|About the Book|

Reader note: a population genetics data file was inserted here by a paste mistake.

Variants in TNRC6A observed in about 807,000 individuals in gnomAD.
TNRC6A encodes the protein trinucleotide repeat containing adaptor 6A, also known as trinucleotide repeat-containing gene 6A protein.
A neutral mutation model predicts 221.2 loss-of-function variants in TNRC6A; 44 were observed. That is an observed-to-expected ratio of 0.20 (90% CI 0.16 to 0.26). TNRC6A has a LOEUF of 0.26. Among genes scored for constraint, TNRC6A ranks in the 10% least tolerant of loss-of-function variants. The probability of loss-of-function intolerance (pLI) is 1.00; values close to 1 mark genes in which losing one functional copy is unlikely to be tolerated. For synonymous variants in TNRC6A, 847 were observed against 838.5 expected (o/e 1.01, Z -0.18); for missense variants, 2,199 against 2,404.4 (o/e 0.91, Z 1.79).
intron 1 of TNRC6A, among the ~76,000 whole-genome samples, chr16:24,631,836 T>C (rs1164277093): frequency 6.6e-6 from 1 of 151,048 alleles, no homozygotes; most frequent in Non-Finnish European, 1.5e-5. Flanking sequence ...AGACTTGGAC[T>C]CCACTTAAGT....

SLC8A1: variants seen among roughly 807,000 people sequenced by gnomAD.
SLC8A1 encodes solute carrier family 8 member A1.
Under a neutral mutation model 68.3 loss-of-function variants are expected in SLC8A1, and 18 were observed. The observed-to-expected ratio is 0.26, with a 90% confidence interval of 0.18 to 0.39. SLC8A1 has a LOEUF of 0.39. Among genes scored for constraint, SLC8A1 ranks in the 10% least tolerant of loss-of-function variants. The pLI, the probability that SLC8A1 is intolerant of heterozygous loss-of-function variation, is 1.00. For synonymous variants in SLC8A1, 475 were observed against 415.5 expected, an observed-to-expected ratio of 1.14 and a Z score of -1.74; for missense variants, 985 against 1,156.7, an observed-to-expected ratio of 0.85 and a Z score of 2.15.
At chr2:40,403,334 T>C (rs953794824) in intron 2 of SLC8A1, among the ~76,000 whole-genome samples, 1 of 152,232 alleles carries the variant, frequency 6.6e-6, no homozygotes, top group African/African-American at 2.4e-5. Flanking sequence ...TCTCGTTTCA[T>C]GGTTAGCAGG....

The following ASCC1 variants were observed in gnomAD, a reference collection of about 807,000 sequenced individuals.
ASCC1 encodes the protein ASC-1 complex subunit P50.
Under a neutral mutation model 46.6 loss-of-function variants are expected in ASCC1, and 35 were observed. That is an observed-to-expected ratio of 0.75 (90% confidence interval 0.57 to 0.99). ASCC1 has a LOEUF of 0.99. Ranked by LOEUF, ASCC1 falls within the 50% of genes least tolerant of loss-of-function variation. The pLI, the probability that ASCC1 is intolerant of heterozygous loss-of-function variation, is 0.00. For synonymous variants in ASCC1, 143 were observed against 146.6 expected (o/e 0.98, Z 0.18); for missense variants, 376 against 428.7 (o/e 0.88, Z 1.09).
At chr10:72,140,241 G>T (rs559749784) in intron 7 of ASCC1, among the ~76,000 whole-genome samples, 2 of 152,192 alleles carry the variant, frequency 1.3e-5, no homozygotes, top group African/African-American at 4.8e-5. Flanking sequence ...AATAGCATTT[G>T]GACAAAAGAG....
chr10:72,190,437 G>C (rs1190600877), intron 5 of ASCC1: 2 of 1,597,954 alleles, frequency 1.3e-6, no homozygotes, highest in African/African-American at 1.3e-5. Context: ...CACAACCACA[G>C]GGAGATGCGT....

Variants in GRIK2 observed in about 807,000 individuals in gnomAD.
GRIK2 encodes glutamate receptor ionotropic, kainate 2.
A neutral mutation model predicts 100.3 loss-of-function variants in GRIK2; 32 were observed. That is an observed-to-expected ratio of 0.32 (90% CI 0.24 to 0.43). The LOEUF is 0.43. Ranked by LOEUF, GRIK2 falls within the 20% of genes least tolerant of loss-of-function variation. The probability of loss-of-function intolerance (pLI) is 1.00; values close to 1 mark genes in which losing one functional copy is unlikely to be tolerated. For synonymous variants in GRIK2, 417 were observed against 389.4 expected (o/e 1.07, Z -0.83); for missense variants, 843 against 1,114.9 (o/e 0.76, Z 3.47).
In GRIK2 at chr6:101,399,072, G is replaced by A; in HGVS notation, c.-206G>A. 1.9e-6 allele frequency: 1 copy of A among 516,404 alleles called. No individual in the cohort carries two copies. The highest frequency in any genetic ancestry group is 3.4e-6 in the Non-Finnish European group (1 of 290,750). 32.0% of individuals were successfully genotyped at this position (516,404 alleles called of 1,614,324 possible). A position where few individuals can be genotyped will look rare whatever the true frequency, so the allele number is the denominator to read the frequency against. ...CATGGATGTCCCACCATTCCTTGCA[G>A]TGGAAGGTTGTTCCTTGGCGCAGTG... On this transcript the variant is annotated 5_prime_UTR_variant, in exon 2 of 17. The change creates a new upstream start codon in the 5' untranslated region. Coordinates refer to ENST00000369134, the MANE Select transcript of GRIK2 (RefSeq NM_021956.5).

Distributed-memory multiprocessing systems (DMS), such as Intels hypercubes, the Paragon, Thinking Machines CM-5, and the Meiko Computing Surface, have rapidly gained user acceptance and promise to deliver the computing power required to solve theMoreDistributed-memory multiprocessing systems (DMS), such as Intels hypercubes, the Paragon, Thinking Machines CM-5, and the Meiko Computing Surface, have rapidly gained user acceptance and promise to deliver the computing power required to solve the grand challenge problems of Science and Engineering. These machines are relatively inexpensive to build, and are potentially scalable to large numbers of processors. However, they are difficult to program: the non-uniformity of the memory which makes local accesses much faster than the transfer of non-local data via message-passing operations implies that the locality of algorithms must be exploited in order to achieve acceptable performance. The management of data, with the twin goals of both spreading the computational workload and minimizing the delays caused when a processor has to wait for non-local data, becomes of paramount importance. When a code is parallelized by hand, the programmer must distribute the programs work and data to the processors which will execute it. One of the common approaches to do so makes use of the regularity of most numerical computations. This is the so-called Single Program Multiple Data (SPMD) or data parallel model of computation. With this method, the data arrays in the original program are each distributed to the processors, establishing an ownership relation, and computations defining a data item are performed by the processors owning the data.